Version 2.0 of Kismet has redefined the concept of wireless sniffers. It uses a client/server relationship and allows any number of remote connections to access the sniffer program. In other words, a network admin can have the Kismet sniffer safely tucked away on a network on the other side of a campus and be able to monitor WLAN activity without requiring a visit. On the other hand, a hacker could also install this server program on a computer deep inside his target's network and be able to capture all the wireless data traversing the airwaves. This particular design feature was new to the field of wireless sniffers, which is one of the reasons Kismet earned its place in the all-star list for WLAN monitoring tools.

ncurses

The client side of Kismet is handled through a type of graphic interface known as ncurses. This is not some type of witchcraft or other evil device, but is ironically more of a blessing for those who choose to or need to use text-based clients . ncurses is actually a library of functions or programs that enable an application to create a display within the confines of a text-only screen. This means you do not need the standard graphical interface in order to run Kismet or any application that incorporates ncurses. It also means you can run this type of program remotely without the need for a desktop environment like KDE or GNOME.

The only downside to using an ncurses-based program is that you must be familiar with the commands used to operate the features and functions. There is no point-and-click capability in Kismet. The operations segment will cover these commands.

CAUTION

Installing Kismet 2 over previous versions of Kismet can result in some errors. If you have any previous version of Kismet installed, be sure to remove (or rename) the kismet.conf file located in /usr/local/etc/ . If you don't do this, you might get various configuration errors.


To use Kismet, you need to define the parameters for both the server and client when executing the program. This is accomplished by using a command in the format of kismet < server options > ” < client options > . The script launches both the server part of Kismet ( kismet_server ) and the client part ( kismet_curses ).

Kismet Options

There are numerous options available to Kismet users. Although many are hardcoded into the kismet.conf file, Kismet provides users the capability to override default options with their own. Table 9.2 lists the options for your reference. This list can be generated using the kismet ”help command.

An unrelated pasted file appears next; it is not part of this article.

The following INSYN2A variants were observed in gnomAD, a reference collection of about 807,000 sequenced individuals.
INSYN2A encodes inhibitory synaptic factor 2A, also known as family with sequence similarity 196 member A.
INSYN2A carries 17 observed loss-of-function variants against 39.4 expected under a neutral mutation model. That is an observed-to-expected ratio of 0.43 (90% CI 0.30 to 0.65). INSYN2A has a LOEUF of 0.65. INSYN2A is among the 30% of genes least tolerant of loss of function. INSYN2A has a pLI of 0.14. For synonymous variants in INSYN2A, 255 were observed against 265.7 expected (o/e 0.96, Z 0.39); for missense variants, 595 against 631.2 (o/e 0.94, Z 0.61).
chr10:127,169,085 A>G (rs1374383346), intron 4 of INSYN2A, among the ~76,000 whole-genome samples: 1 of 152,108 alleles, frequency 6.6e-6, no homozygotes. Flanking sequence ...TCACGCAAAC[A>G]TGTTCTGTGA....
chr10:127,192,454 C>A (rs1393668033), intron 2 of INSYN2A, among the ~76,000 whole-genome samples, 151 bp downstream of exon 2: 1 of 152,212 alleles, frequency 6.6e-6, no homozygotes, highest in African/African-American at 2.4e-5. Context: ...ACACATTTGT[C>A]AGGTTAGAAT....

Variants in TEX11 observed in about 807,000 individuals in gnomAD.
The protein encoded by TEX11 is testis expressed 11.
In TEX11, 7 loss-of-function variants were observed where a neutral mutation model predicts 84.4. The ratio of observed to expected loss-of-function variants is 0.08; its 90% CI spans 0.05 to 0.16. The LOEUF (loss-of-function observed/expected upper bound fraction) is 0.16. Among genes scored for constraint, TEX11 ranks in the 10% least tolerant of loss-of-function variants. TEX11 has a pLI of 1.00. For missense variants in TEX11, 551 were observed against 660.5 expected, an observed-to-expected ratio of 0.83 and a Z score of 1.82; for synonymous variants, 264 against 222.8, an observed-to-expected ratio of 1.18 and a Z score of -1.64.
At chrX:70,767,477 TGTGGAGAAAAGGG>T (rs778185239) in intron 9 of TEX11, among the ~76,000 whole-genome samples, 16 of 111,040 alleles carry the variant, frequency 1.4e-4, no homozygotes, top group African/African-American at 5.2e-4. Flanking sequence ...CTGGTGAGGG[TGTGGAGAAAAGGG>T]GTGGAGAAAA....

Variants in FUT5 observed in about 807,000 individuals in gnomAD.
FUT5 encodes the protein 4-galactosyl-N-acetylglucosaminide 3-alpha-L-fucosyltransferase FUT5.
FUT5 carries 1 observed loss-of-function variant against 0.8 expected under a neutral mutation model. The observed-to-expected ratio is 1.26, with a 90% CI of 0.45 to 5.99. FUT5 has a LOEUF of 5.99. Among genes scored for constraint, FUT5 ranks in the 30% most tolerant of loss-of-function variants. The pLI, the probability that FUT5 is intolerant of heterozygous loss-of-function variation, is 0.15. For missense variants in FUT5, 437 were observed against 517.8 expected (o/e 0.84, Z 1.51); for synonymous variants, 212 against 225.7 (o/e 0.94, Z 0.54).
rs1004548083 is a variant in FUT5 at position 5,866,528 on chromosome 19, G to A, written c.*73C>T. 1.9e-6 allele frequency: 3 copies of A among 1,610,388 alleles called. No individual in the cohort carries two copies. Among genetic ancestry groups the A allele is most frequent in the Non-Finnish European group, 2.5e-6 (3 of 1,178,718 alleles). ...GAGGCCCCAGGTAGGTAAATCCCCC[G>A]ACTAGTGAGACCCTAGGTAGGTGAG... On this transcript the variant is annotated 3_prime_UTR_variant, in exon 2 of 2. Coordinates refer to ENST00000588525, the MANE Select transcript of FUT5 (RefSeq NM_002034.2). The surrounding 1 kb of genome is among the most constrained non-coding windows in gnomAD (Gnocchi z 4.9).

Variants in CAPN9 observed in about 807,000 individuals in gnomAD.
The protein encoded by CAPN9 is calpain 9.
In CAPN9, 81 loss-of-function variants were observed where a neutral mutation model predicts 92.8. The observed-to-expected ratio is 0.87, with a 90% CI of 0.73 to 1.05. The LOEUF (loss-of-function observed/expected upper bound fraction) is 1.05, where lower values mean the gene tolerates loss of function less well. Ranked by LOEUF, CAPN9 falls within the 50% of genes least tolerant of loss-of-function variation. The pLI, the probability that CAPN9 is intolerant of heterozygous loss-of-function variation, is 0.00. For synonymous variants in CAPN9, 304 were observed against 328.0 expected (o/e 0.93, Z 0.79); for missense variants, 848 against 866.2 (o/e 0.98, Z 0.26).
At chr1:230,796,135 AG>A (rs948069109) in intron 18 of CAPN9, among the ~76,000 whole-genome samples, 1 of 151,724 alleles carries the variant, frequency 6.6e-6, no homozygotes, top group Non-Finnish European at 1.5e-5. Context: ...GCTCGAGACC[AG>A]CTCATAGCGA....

Table 9.2. Kismet User Options

Flag

Name /Description

  -t  

log-title <title>

 

Custom log file title

  -n  

no-logging

 

No logging (only process packets)

  -f  

config-file <file>

 

Use alternative config file

  -c  

capture-type <type>

 

Type of packet capture device (prism2, pcap, and so on)

  -i  

capture-interface <if>

 

Packet capture interface (eth0, eth1, and so on)

  -l  

log-types <types>

 

Comma-separated list of types to log (such as dump , cisco , weak , network , gps )

  -d  

dump-type <type>

 

Dumpfile type (wiretap)

  -m  

max-packets <num>

 

Maximum number of packets before starting new dump

  -q  

quiet

 

Don't play sounds

  -g  

gps

 

GPS server (host: port or off)

  -p  

port

 

TCP/IP server port for GUI connections

  -a  

allowed-hosts < hosts >

 

Comma-separated list of hosts allowed to connect

  -s  

silent

 

Don't send any output to console

  -v  

version

 

Kismet version

-h

help

 

What do you think you're reading?

Once you are ready to use Kismet, you need to determine whether you want the program to enter promiscuous mode ( assuming you are using a Prism II card). This will enable it to capture data from all existing networks, including the one to which the computer is legitimately connected. To do this, use the following command:

 wlanctl-ng wlan0 lnxreq_wlansniff enable=true channel=6 

The following describes the various settings that you can configure using the wlanclt-ng commands.

  • wlanctl-ng ” This is the command used to control aspects of how the WNIC is set up.

  • wlan0 ” This could be another value. To determine the name of your network card, type ifconfig -a and note the name of the installed network card.

  • lnxreq_wlansniff ” Sets up the WNIC for sniffer mode.

  • enable ” Sets up the card for promiscuous mode ( true is on and false is off).

    ¢ channel ”This could be any value between 1 and 14, depending on hardware and location.